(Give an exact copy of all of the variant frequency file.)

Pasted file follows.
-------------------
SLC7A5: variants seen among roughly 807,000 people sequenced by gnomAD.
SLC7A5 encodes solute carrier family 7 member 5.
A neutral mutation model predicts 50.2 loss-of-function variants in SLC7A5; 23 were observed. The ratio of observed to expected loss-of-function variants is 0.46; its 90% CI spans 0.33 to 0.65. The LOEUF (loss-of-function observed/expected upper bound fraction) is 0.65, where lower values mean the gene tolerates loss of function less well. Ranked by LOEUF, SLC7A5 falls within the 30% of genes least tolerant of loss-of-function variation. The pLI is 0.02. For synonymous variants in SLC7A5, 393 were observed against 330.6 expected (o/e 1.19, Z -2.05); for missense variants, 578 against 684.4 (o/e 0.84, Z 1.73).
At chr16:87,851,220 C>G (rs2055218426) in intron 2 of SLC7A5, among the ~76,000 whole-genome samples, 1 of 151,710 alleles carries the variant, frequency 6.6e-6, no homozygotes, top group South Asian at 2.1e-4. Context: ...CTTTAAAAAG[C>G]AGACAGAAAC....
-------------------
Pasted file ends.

SLC7A5: variants seen among roughly 807,000 people sequenced by gnomAD.
SLC7A5 encodes solute carrier family 7 member 5.
A neutral mutation model predicts 50.2 loss-of-function variants in SLC7A5; 23 were observed. The ratio of observed to expected loss-of-function variants is 0.46; its 90% CI spans 0.33 to 0.65. The LOEUF (loss-of-function observed/expected upper bound fraction) is 0.65, where lower values mean the gene tolerates loss of function less well. Ranked by LOEUF, SLC7A5 falls within the 30% of genes least tolerant of loss-of-function variation. The pLI is 0.02. For synonymous variants in SLC7A5, 393 were observed against 330.6 expected (o/e 1.19, Z -2.05); for missense variants, 578 against 684.4 (o/e 0.84, Z 1.73).
At chr16:87,851,220 C>G (rs2055218426) in intron 2 of SLC7A5, among the ~76,000 whole-genome samples, 1 of 151,710 alleles carries the variant, frequency 6.6e-6, no homozygotes, top group South Asian at 2.1e-4. Context: ...CTTTAAAAAG[C>G]AGACAGAAAC....